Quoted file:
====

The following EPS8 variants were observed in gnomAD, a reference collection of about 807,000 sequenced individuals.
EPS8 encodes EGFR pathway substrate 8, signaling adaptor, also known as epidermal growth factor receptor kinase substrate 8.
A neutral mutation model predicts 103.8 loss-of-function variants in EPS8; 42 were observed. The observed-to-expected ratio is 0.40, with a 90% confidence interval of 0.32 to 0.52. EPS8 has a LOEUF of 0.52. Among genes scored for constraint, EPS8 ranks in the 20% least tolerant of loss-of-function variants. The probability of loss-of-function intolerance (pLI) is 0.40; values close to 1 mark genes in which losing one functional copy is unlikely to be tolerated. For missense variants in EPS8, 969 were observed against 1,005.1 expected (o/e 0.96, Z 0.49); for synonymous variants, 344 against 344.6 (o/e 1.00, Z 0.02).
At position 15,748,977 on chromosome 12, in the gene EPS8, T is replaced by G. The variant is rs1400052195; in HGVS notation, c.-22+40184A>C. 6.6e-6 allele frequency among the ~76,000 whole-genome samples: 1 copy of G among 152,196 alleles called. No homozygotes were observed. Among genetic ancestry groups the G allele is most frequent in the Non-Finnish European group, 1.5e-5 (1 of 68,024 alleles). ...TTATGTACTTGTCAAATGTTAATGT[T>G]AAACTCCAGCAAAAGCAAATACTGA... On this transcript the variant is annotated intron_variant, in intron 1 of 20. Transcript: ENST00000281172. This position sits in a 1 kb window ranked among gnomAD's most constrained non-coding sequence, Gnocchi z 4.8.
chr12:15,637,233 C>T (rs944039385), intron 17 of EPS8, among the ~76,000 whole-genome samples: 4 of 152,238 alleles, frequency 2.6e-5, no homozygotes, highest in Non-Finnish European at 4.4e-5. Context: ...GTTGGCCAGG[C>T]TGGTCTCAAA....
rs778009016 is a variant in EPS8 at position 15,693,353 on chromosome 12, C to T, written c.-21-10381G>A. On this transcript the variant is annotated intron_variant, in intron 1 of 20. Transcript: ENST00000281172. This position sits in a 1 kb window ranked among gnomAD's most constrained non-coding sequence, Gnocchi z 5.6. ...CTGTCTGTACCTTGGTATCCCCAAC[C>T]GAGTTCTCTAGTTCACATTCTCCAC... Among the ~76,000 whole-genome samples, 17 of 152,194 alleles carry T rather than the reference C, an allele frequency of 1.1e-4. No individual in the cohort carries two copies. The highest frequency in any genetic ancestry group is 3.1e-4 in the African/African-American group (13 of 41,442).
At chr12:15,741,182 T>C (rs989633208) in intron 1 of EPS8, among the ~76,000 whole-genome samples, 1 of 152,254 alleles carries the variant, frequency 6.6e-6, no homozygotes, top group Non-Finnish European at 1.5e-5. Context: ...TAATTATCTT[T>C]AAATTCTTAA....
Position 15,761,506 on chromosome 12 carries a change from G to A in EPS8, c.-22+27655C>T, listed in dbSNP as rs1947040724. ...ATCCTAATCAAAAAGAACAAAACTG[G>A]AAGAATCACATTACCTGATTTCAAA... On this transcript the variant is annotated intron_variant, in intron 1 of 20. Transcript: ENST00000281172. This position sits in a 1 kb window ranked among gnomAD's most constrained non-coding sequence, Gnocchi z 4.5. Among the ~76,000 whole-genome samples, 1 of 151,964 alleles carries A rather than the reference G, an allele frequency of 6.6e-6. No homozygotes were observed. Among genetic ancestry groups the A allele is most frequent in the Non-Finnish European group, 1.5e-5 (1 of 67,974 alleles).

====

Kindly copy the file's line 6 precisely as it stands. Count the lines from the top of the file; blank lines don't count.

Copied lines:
rs778009016 is a variant in EPS8 at position 15,693,353 on chromosome 12, C to T, written c.-21-10381G>A. On this transcript the variant is annotated intron_variant, in intron 1 of 20. Transcript: ENST00000281172. This position sits in a 1 kb window ranked among gnomAD's most constrained non-coding sequence, Gnocchi z 5.6. ...CTGTCTGTACCTTGGTATCCCCAAC[C>T]GAGTTCTCTAGTTCACATTCTCCAC... Among the ~76,000 whole-genome samples, 17 of 152,194 alleles carry T rather than the reference C, an allele frequency of 1.1e-4. No individual in the cohort carries two copies. The highest frequency in any genetic ancestry group is 3.1e-4 in the African/African-American group (13 of 41,442).